Chick Wit: Mommy’s Day Out
The last time my mom came to visit, I lost her.
It was like that movie Baby’s Day Out, except with my parent. I turned my back for one second, and the little rascal got away from me.
I imagined her crawling along an I-beam at some high-rise construction site.
But she’s afraid of heights, so more likely she’d be in Times Square, telling The Naked Cowboy he isn’t dressed warmly enough.
It started with tickets to see the new Larry David play. My mom checked that she had the tickets for the third or fourth time.
“It says, ‘late arrivals will not be seated,’” she read, for my benefit. My mom is early to everything. We left with an hour to spare.
And yet, we found ourselves in a cab crawling up Sixth Avenue for a half-hour with fifteen blocks to go. I checked our route on my smartphone; the driving estimate to get to the theater was fifteen minutes, the walking was only ten.
“I think we should get out,” I said.
“Really?” My mom looked aghast.
“Yeah, we’re close, but this traffic is going to take forever.”
But I’d inadvertently hit the panic button in my mom’s ever-punctual brain. She swiped, tapped, and banged her credit card on the automated reader before throwing it at me in anguish (“Mom, it’s a touchscreen now, we’ve been over this…”), and she couldn’t wait for the cabbie to pull over before she shot out of the taxi.
I scurried after her. “Wait, we have time, we don’t have to run.”
But she was already jogging down the crowded sidewalk, dodging men with briefcases and women wearing pantyhose with sneakers.
I awkwardly half-ran after her, not eager to claim the crazy woman sprinting in front of me as my own, but not wanting to lose sight of her bobbing blond head either.
My mom turned back only occasionally to furiously mouth the words, “COME ON!” and “WHY AREN’T YOU RUNNING?”
This made me laugh, which only made her angrier.
I was only a few yards behind her until a major intersection, when she darted out against the light. I winced as she put her hands up to the hoods of honking cars like an action movie star.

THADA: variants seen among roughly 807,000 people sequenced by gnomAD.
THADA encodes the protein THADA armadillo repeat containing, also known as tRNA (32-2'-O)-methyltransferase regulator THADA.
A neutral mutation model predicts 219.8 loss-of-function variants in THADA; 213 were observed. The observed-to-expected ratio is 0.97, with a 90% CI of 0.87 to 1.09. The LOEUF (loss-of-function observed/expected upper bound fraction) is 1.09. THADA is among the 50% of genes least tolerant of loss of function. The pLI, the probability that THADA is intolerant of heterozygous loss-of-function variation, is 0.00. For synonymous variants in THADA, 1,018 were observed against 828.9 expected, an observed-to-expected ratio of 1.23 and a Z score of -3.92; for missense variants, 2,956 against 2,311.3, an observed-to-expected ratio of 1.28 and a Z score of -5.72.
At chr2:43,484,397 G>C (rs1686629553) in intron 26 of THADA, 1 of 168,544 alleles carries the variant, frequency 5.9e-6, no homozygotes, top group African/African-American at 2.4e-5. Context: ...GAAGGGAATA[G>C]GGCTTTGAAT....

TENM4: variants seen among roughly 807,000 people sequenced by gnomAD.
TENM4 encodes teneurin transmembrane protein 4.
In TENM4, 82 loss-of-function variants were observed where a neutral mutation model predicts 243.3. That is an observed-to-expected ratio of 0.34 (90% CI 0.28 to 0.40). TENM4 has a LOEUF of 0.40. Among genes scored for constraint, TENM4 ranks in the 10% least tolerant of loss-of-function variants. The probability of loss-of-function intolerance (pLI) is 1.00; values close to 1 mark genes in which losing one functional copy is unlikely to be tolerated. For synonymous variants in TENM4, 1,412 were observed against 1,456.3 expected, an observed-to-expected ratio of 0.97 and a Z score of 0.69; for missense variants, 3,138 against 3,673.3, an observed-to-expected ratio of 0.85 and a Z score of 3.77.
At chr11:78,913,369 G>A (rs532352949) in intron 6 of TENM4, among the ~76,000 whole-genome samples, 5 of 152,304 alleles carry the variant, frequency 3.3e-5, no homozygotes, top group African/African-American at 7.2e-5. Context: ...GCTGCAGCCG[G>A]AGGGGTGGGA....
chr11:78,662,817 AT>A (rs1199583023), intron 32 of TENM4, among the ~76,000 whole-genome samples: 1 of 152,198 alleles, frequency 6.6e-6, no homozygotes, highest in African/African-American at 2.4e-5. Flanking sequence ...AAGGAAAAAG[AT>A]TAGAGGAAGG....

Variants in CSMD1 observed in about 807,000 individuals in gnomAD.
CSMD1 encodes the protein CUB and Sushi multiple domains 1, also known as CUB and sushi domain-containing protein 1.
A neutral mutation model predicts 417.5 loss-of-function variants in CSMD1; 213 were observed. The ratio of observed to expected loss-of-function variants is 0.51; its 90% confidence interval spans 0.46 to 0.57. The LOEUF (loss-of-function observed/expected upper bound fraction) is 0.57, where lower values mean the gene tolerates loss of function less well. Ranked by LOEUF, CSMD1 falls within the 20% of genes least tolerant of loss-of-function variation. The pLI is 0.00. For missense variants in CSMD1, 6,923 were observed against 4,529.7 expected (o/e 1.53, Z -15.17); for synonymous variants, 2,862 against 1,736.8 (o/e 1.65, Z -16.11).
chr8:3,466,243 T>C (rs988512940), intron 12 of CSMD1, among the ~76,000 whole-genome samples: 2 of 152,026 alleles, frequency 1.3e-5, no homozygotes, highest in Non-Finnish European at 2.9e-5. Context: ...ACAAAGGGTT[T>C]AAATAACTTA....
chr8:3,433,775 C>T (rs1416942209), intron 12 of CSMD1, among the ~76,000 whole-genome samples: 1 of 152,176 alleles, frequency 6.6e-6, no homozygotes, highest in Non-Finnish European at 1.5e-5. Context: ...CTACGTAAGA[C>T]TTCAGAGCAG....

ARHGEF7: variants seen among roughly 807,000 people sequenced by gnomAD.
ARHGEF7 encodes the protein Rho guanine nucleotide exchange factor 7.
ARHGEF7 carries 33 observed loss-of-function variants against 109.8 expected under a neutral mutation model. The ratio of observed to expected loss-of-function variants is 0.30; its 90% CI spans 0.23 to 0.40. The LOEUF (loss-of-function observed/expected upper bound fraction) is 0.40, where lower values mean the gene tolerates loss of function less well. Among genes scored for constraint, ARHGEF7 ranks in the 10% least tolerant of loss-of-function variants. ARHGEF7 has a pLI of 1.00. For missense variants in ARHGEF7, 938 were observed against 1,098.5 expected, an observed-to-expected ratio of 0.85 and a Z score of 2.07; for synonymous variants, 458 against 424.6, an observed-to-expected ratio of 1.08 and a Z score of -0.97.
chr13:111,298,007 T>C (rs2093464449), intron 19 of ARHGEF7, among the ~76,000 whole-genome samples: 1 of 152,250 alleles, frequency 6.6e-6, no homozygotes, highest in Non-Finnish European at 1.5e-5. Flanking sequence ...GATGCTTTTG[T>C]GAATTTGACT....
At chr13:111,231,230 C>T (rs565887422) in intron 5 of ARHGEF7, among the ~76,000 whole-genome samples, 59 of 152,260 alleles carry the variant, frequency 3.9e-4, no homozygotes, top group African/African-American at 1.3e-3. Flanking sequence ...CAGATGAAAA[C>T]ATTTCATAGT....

Thankfully, even Manhattan drivers won’t mess with my mother.
So she was a good ten yards ahead of me when she got to one corner and pointed west, mouthing, “This way?”
The theater was on 48th St between Sixth and Seventh Avenues. We were on Sixth, so we were less than a block away—with plenty of time, I might add.
She bolted left. I figured I’d catch up to her in a minute.
Until I reached the corner and looked up.
The sign read 49th Street.
I was so busy chasing her, I didn’t realize we’d overshot it by a block. But by now, the blond head had vanished.
I called my mom’s cell phone—no answer.
I called again. Surely, she would pick up, once she didn’t immediately see the theater where it should be.
It went to voicemail.
I called a third time. SURELY, she would at least LOOK at her phone, once she realized her daughter was no longer behind her.
I ran all the way down 49th St looking for her. I stopped at the corner of Broadway, at a complete loss as to which way she’d gone.
Ten minutes to curtain. I headed to the theater, praying she’d be there waiting.
I called her again, and this time, she answered. Like any parent who’d been through a scare, my relief curdled instantly to anger. “Where are you?!” I screamed.
“I don’t know!” she yelled.
“How do you not know? It’s a grid!”
We both calmed down, and I coached her to find me. When she arrived, her once-blown-out hair was frizzed with sweat. She looked so cute, I couldn’t be mad.
We rushed inside. The usher pointed us to our seats, and a concession worker walked by. My mom asked me to buy her a water.
“Sorry, we’re out. I only have wine,” he said.
He handed it to me in a plastic sippy cup.
I gave Mommy her juice just as the house lights dimmed, and I collapsed into my seat.
Next time, I’m bringing a nanny.
© Francesca Serritella 2015